Flatpak: the future of package managers

Flatpak logo

In Linux we have a multitude of package managers, each with its own pros and cons. Let’s discover Flatpak, formerly GNOME xdg-app, the package manager that aims to provide cross-platform sandboxed packages to every Linux distribution.

Old package managers and Flatpack

We already have APT, YUM, DNF, RPM, dpkg, pacman and many many others, so why another one? Almost every package manager up to now is heavily bound to a distribution: RPM and YUM are bound to Red Hat-based distributions like RHEL or Fedora; while dpkg and APT are typically bound to Debian-based distributions like Debian, Ubuntu and Linux Mint. So each package manager runs on a limited number of distributions and making it work on another distribution produces unwanted behaviour and usually isn’t worth the effort. Also, each package manager is bound to its own package format like RPM for RPM and YUM; and DEB for dpkg and APT. What does that mean? It means that developers have to maintain different packages for each package manager and when that’s not possible, there has to be someone that packages their software for them. This produces a lot of packages and increases the work that needs to be done. Many times these packages contain little differences between distributions to better adapt the software for the special platform they are packaged for. And that’s the principal difference between traditional package managers and Flatpak.

Flatpak: the future of application distribution

Flatpak schemaThis new package manager aims to provide a cross-platform experience to both developers and end-users, a single package format will be all that’s needed to install a flatpak (package) on any Linux distributions supporting the Flatpak package manager. There won’t be any need to bundle all the dependencies since runtimes will be shared among applications. Flatpaks are also built with security in mind and are isolated from each other and from the host system (sandboxed). If you want to learn more you can head over to the official site to get further information.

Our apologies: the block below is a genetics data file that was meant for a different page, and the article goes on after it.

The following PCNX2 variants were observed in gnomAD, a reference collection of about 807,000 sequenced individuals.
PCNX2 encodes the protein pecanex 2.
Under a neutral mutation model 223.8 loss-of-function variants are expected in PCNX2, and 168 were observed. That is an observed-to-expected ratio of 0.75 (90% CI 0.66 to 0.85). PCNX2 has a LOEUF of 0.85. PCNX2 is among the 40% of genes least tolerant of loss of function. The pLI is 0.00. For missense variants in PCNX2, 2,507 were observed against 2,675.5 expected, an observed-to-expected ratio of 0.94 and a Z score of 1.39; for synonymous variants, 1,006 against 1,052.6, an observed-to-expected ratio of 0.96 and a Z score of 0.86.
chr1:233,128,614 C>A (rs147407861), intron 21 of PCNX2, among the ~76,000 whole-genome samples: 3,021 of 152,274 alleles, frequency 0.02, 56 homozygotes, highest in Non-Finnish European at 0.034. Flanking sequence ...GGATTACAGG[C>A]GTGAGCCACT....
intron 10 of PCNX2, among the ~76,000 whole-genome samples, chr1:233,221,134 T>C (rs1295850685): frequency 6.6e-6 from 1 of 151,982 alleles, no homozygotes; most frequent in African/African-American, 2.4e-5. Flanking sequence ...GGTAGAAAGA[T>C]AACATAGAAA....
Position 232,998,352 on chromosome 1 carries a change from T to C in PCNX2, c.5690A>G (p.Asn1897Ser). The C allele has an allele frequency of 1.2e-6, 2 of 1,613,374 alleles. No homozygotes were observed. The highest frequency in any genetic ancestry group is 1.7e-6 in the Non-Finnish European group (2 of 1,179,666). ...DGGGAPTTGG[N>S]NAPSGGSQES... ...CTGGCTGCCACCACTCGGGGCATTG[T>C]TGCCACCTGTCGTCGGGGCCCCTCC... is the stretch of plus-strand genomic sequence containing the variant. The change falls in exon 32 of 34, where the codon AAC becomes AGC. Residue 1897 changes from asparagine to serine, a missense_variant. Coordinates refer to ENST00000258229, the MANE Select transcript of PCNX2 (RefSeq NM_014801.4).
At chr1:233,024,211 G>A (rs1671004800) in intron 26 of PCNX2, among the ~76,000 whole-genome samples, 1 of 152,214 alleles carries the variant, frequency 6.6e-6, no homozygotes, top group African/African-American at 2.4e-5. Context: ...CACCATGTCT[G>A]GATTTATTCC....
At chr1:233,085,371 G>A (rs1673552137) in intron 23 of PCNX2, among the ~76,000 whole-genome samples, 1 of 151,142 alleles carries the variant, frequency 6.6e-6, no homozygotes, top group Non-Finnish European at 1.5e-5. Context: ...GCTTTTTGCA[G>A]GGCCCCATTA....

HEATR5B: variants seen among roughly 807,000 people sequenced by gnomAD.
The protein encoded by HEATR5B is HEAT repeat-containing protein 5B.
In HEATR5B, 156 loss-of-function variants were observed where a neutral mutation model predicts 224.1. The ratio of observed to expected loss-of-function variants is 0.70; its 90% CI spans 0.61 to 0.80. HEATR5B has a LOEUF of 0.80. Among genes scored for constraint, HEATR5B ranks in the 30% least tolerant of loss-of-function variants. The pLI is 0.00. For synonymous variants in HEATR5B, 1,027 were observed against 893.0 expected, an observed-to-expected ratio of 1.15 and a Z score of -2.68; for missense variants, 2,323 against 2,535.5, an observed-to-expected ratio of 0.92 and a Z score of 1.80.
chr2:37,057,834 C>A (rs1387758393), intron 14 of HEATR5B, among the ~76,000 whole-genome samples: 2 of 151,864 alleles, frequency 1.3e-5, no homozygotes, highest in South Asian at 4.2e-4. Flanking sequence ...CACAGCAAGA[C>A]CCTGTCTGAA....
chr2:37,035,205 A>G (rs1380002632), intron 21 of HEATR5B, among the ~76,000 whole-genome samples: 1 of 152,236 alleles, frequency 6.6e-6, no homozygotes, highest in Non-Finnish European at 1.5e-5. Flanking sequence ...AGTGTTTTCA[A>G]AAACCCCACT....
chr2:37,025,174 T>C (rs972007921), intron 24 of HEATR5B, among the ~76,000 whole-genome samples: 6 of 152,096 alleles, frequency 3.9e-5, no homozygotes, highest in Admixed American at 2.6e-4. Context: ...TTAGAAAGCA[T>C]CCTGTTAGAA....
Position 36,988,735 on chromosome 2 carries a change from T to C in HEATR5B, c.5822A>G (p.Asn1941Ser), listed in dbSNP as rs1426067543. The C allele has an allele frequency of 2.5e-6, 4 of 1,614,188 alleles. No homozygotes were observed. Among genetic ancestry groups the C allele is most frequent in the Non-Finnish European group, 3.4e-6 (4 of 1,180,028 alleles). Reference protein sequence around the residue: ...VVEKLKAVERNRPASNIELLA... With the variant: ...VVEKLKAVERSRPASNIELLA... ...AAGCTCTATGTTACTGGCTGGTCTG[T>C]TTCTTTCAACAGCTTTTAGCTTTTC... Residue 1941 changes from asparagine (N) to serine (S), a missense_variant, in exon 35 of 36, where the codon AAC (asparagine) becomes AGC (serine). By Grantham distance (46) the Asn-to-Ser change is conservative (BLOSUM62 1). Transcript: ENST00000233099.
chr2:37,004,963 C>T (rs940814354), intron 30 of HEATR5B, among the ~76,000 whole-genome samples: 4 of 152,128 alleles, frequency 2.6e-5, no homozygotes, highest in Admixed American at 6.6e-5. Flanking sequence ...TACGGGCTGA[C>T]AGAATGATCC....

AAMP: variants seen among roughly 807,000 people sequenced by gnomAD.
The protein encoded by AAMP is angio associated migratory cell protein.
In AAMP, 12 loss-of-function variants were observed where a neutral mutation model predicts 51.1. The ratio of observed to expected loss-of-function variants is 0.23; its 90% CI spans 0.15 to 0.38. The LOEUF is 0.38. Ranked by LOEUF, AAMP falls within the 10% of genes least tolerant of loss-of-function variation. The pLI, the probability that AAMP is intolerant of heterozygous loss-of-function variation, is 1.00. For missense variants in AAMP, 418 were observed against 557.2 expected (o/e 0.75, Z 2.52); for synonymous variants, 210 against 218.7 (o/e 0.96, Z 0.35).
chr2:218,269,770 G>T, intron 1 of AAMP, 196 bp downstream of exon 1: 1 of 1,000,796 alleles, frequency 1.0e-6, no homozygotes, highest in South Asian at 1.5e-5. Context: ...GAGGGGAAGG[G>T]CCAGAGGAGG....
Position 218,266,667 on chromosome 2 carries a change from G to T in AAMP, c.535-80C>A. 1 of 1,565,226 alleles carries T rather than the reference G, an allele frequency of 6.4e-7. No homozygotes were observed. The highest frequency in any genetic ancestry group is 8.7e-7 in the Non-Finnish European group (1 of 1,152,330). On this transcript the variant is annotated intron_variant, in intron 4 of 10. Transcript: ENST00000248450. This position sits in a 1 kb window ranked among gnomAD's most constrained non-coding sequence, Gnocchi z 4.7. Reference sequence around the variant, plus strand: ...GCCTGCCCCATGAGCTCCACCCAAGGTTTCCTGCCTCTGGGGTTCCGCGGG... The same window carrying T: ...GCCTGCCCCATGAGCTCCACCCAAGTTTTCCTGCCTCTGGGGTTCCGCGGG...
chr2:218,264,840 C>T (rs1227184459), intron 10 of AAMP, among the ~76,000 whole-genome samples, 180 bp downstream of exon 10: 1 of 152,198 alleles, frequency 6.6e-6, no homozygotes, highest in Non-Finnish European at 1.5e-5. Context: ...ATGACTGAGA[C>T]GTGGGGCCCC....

Getting started

Flatpak isn’t still ready but it’s evolving quickly and you can try it now.

On Fedora 23 and later:

$ sudo dnf install flatpak

On Ubuntu 16.04 and later:

$ sudo add-apt-repository ppa:alexlarsson/flatpak
$ sudo apt update
$ sudo apt install flatpak

For other distributions take a look here.

Now it’s time to add repositories:

$ wget https://sdk.gnome.org/keys/gnome-sdk.gpg
$ flatpak remote-add --gpg-import=gnome-sdk.gpg gnome https://sdk.gnome.org/repo/
$ flatpak remote-add --gpg-import=gnome-sdk.gpg gnome-apps https://sdk.gnome.org/repo-apps/

And runtimes (in the example GNOME)

$ flatpak install gnome org.gnome.Platform 3.20

With the following commands you can list, install and run applications (in the example gedit):

$ flatpak remote-ls gnome-apps --app
$ flatpak install gnome-apps org.gnome.gedit stable
$ flatpak run org.gnome.gedit


Image courtesy of mark | marksei

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2 Responses

  1. Onorio Catenacci says:

    Thanks for this; I’ve been trying to understand what flatpak offers above and beyond tools like yum, dnf etc. This is a nice clear explanation!

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